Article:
Extracting around 1000bhp from an engine these days is not actually that difficult. Hell, Dodge will sell you a supercharged ‘Hellephant’ V8 crate engine that develops nearly that figure if you want a budget-ish option. But making that kind of power from a naturally-aspirated unit? And one that has to be road legal? That’s a whole different ballgame, yet that’s exactly what Aston Martin set out to do.
“The programme called for a normally aspirated engine from the very beginning,” the company proudly states, adding, “The greatest driver’s car of the modern era demands an internal combustion engine that sits at the absolute pinnacle for performance, excitement and emotion. This means the uncompromising purity of natural aspiration.”
This commendably dogmatic approach brings with it a problem - a road-legal N/A engine with that kind of output and a rev ceiling beyond 10,000rpm is with without precedent. This is probably why Red Bull Racing designer Adrian Newey (RBR plays a substantial role in the project) decided Cosworth would be the best bet to make such a masterpiece of internal combustion.
We were given the chance to watch the engine undergo bench testing at Cosworth’s Northampton HQ, and were able to stand by the facility’s exhaust outlet to hear the full internally-combusted violence of the V12 (yes, it sounds deliriously good, and yes, a video is inbound). While there, we also had the chance to chat with Cosworth Managing Director Bruce Wood to find out more about this technologically fascinating project. Here’s what we learned:
Achieving 1000bhp without forced induction means this engine has to rev high. Good. Peak power comes in at 10,500rpm, and you can - and should - keep going to 11,100rpm. Peak torque, meanwhile, comes in at 7000rpm, but we suspect Red Bull’s hybrid system will act as a torque-filling device at low RPM. It’ll also increase that 1000bhp output even further.
You could draw parallels between the Valkyrie and the Apollo IE, another V12 nat-asp monster with devastating on-track ability. But here’s the thing - the IE isn’t road legal, so finding a big, atmospheric engine is much more straightforward.
Aston Martin and Red Bull’s wish to make the Valkyrie road legal brought up numerous issues. It would have to be compliant with Euro 6 emissions standards, but also be smooth and useable at road speeds. It also needs to be able to happily sit at motorway speeds, which means thinking carefully about crankshaft resonance.
“A racing engine…has a singularity of purpose, it’s only there to do one thing which is to win races,” Wood says, adding, “A road engine in a vehicle like this, at one extreme, needs to be able to give you that driver experience that this whole vehicle is keyed around, but at the same time, if you happen to be stuck in London traffic, it needs to be able to drive in that traffic.”
Wood reckons that had the team created an engine that merely has to punt the car around a track at silly speeds, the development time would have been more than halved.
Sat atop this V12 is a carbonfibre plenum chamber with a shiny gloss coating. It looks gorgeous, but upon first viewing, Adrian Newey was not impressed.
Wood recalls: “When Adrian first saw it, he said ‘you can’t have that’. I said ‘why not’, and he said ‘how much does the lacquer weigh on there?’ We had to go away and find out. I think it was 80g. [He said] Right, take it off!’”
And take it off they did - the engine will come as standard with an un-lacquered carbon plenum, with the option to add a gloss coating. 80g may seem trivial, but this one anecdote sums up the project’s huge focus on weight saving.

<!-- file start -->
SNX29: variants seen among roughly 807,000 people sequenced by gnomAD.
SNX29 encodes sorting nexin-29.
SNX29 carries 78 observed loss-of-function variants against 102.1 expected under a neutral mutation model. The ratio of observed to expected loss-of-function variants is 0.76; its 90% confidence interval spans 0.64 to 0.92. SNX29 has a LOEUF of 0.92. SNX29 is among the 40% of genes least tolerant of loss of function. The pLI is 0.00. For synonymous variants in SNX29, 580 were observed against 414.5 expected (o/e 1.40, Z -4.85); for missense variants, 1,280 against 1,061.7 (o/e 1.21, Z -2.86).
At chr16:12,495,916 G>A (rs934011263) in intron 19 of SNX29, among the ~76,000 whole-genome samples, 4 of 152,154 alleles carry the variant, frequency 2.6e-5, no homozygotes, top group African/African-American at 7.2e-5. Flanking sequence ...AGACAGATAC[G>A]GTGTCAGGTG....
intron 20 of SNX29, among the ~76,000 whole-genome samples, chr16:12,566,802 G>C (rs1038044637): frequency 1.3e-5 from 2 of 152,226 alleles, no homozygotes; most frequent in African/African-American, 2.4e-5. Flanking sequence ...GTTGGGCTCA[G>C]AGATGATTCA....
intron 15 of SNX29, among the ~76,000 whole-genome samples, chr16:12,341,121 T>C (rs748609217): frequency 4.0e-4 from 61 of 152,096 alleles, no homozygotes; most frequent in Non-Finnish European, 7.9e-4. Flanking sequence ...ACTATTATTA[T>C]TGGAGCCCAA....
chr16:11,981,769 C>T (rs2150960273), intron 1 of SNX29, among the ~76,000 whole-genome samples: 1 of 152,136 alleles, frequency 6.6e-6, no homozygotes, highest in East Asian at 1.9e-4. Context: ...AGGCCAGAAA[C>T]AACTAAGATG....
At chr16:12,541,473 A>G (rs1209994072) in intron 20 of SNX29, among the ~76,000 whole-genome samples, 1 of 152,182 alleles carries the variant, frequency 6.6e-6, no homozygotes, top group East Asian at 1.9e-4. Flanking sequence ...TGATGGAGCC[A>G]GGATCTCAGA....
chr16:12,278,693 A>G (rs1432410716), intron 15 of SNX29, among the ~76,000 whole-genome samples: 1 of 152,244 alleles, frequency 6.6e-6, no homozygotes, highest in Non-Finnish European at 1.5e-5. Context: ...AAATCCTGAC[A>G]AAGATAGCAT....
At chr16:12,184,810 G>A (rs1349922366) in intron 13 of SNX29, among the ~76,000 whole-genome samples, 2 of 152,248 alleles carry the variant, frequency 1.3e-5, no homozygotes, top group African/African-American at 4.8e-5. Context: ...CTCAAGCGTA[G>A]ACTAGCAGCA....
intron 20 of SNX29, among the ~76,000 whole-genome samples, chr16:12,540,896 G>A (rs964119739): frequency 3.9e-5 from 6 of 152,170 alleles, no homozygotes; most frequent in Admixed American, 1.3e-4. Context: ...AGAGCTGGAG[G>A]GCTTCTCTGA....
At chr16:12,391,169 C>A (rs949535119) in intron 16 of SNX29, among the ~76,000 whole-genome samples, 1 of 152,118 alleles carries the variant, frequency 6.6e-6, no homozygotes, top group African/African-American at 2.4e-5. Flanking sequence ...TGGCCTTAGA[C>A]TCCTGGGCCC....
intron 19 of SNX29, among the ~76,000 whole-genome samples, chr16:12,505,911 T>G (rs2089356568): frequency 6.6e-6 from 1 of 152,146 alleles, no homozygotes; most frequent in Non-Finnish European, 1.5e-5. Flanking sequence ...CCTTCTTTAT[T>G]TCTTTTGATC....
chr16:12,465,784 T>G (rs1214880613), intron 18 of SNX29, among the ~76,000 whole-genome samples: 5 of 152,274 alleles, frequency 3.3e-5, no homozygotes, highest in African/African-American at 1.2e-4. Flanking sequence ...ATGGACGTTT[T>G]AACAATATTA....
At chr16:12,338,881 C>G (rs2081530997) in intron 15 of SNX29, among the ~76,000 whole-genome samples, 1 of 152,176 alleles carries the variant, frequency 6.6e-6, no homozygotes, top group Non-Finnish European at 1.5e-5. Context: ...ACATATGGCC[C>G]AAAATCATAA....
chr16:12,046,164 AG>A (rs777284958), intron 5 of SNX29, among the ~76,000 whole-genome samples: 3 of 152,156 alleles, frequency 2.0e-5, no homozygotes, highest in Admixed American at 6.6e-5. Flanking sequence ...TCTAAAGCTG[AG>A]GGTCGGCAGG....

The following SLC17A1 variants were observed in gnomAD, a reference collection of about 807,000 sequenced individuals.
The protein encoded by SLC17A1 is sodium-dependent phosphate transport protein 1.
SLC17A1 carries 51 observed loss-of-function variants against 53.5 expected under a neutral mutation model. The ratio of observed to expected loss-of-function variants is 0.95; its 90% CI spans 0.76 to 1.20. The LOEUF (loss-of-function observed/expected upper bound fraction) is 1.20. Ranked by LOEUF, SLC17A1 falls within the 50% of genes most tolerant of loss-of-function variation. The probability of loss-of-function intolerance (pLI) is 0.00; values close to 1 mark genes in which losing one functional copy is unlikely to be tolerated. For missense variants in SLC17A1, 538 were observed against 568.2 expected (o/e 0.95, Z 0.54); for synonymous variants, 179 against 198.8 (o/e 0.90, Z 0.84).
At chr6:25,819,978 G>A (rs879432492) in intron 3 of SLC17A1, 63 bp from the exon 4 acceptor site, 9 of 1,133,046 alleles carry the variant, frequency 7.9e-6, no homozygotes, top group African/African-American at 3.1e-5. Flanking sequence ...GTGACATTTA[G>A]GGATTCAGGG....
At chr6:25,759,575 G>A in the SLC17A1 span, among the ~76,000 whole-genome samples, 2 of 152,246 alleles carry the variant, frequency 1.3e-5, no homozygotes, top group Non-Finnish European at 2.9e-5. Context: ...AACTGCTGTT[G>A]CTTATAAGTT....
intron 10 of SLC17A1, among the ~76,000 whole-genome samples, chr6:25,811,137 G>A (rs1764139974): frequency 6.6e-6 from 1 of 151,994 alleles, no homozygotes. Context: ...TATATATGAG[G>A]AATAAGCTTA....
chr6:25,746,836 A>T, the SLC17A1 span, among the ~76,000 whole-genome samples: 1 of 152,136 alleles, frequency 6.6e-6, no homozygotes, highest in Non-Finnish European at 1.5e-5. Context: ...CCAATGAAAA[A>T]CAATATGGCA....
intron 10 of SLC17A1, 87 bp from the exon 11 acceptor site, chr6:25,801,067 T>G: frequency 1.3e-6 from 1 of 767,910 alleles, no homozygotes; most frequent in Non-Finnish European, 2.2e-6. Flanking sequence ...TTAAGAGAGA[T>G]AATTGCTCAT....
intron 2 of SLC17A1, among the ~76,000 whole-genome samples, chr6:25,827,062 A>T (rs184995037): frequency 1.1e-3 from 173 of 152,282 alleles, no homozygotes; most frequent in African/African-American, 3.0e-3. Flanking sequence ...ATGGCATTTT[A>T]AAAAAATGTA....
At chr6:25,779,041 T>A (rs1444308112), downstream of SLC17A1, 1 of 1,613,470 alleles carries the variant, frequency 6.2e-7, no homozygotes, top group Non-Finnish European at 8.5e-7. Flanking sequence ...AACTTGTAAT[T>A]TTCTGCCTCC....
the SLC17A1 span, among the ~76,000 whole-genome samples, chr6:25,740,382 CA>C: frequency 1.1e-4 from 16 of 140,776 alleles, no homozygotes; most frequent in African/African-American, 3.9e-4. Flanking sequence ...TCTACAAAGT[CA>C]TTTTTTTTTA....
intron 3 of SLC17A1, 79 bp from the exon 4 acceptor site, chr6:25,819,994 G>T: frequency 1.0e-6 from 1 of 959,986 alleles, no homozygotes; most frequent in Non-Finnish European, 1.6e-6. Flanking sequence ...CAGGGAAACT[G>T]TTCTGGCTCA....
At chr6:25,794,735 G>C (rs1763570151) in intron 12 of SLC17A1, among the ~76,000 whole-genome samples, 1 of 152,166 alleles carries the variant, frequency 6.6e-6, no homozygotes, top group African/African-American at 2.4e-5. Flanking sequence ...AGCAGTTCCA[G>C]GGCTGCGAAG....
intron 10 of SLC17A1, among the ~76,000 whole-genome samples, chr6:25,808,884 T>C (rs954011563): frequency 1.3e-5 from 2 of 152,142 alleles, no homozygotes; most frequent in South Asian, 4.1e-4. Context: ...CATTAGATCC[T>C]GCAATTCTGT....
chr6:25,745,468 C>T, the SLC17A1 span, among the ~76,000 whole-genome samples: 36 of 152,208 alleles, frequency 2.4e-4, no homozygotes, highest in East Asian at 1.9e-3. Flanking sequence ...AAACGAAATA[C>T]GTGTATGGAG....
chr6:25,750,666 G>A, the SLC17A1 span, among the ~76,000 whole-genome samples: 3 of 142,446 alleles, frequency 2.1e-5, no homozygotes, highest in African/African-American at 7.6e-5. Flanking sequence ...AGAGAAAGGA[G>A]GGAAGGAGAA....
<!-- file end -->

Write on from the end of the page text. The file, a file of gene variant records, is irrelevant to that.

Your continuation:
With titanium con-roads, F1-spec pistons and a crankshaft milled from billet in a process that takes nearly six months, the internals of this engine are exquisite. You could almost consider it a scaled up F1 engine if the top-flight of single-seater racing still used N/A engines.
In fact, if you scaled up Cosworth’s legendary V10 F1 engine, it’d be heavier, with its 97kg becoming 210kg, Aston points out. This V12 weighs 206kg, a few kilos over Newey’s 200kg target, but nonetheless an astonishing achievement. To further put that in context, the N/A V12 in the One-77 - also the work of Cosworth, using Aston’s 6.0-litre unit as a starting point - weighs closer to 300kg.
What makes that weight figure particularly impressive is that the engine is the only thing holding the two ends of the car together. Yep, it’s what’s known as ‘stressed member’ of the chassis, meaning it has to take not just the immense cornering forces the Valkyrie will be capable of, but also the downforce. Remember, it’s expected to generate way over a tonne.
This effectively presents a “conflicts of interest,” Wood explains. The mounting points have to be immensely strong, and this means they’re inevitably not light.
Just down the road from Cosworth’s Northampton HQ, Mercedes-AMG is busy readying the One, effectively the Valkyrie’s closest competitor. It goes a step further into the realms of racing - where Valkyrie will use an engine made with F1 parts and knowhow, the Merc will use an actual F1-derived V6 turbo unit at its core.
Impressive, but it won’t last as long, requiring a rebuild every 50,000km. The Cosworth 6.5, on the other hand, will keep going until 100,000km. It’s not like it’ll need to be ultra-pampered its whole life either - oil changes will only need doing every 6000km. I know Honda S2000 owners who refresh their engine oil more often than that.
It seems unlikely that any of the owners will actually surpass that figure, but if they did, it wouldn’t necessarily mean binning the engine for a new one. Wood suggests that in this event, Cosworth could be able to take back the engine, strip it back, test it, and if possible, rebuild it.
So, any prospective Valkyrie owners out there going to daily their cars…?